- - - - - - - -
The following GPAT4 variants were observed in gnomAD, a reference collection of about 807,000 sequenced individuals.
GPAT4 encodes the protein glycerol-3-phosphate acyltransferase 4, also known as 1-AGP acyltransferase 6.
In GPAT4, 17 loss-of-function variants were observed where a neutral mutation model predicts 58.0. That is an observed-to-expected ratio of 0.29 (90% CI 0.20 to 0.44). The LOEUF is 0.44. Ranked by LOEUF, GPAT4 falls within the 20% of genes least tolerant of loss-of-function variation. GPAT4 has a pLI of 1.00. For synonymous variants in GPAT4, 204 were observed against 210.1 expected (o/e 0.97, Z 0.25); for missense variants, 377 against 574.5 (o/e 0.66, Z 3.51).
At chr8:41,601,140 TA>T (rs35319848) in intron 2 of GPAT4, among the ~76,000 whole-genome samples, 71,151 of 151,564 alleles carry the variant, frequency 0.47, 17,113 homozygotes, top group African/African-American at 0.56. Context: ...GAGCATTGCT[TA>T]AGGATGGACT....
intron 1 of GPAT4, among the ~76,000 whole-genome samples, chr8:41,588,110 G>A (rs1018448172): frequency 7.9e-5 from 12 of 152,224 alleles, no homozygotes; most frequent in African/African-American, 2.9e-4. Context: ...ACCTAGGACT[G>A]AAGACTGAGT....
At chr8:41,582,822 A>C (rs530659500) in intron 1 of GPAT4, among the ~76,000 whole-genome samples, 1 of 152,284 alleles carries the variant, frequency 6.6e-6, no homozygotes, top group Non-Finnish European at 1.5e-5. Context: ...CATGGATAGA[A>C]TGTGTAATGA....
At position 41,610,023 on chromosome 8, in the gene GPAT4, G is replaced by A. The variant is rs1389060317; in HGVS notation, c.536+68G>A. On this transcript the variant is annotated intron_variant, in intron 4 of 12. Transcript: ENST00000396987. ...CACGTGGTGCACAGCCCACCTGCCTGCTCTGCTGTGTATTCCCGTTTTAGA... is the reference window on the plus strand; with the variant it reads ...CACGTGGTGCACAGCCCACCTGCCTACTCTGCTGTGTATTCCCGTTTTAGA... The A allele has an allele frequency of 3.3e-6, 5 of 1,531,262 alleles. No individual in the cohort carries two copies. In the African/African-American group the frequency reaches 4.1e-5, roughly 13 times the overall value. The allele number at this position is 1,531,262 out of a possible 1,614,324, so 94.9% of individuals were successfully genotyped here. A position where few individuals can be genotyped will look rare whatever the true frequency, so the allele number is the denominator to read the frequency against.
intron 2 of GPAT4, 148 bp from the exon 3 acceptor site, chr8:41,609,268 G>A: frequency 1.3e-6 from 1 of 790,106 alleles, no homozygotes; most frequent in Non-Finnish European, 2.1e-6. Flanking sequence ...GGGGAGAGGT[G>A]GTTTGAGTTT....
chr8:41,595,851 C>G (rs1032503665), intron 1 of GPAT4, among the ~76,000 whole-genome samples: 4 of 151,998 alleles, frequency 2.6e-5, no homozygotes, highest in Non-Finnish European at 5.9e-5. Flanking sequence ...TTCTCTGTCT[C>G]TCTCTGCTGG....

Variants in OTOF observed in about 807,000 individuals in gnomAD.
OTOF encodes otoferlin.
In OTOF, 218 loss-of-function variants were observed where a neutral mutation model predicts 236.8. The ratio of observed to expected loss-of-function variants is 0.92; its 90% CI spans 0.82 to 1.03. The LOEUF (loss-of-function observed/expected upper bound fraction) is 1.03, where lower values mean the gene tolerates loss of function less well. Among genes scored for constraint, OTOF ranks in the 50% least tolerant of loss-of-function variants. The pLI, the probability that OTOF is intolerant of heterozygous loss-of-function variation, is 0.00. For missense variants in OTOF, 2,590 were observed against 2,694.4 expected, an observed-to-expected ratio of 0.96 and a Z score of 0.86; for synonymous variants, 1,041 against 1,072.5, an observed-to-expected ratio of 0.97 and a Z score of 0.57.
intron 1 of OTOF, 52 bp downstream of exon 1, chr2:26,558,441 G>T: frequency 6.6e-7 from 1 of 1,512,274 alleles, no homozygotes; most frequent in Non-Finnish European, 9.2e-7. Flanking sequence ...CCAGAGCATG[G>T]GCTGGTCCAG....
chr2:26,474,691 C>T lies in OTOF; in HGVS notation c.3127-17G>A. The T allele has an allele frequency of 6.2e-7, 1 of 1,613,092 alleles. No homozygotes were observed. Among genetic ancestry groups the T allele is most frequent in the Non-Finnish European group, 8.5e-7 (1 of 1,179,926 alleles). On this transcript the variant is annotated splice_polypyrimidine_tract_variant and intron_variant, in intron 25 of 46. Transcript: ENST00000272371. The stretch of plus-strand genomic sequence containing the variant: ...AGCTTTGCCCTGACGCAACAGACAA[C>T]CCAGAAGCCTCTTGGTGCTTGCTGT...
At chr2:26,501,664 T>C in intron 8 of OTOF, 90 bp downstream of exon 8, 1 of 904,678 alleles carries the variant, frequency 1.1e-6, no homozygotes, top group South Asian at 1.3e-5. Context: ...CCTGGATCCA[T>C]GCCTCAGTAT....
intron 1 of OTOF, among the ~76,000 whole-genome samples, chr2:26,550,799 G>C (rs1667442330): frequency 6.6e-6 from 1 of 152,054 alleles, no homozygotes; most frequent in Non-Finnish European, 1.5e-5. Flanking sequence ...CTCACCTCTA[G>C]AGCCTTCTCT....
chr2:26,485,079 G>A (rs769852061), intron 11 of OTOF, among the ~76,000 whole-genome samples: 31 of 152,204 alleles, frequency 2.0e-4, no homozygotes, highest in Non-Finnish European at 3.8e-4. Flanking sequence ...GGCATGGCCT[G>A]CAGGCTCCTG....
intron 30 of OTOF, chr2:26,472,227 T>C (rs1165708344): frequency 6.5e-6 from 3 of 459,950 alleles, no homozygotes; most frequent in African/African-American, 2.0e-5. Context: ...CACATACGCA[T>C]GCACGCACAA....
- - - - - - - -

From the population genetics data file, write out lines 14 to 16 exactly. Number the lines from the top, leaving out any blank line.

chr2:26,474,691 C>T lies in OTOF; in HGVS notation c.3127-17G>A. The T allele has an allele frequency of 6.2e-7, 1 of 1,613,092 alleles. No homozygotes were observed. Among genetic ancestry groups the T allele is most frequent in the Non-Finnish European group, 8.5e-7 (1 of 1,179,926 alleles). On this transcript the variant is annotated splice_polypyrimidine_tract_variant and intron_variant, in intron 25 of 46. Transcript: ENST00000272371. The stretch of plus-strand genomic sequence containing the variant: ...AGCTTTGCCCTGACGCAACAGACAA[C>T]CCAGAAGCCTCTTGGTGCTTGCTGT...
At chr2:26,501,664 T>C in intron 8 of OTOF, 90 bp downstream of exon 8, 1 of 904,678 alleles carries the variant, frequency 1.1e-6, no homozygotes, top group South Asian at 1.3e-5. Context: ...CCTGGATCCA[T>C]GCCTCAGTAT....
intron 1 of OTOF, among the ~76,000 whole-genome samples, chr2:26,550,799 G>C (rs1667442330): frequency 6.6e-6 from 1 of 152,054 alleles, no homozygotes; most frequent in Non-Finnish European, 1.5e-5. Flanking sequence ...CTCACCTCTA[G>C]AGCCTTCTCT....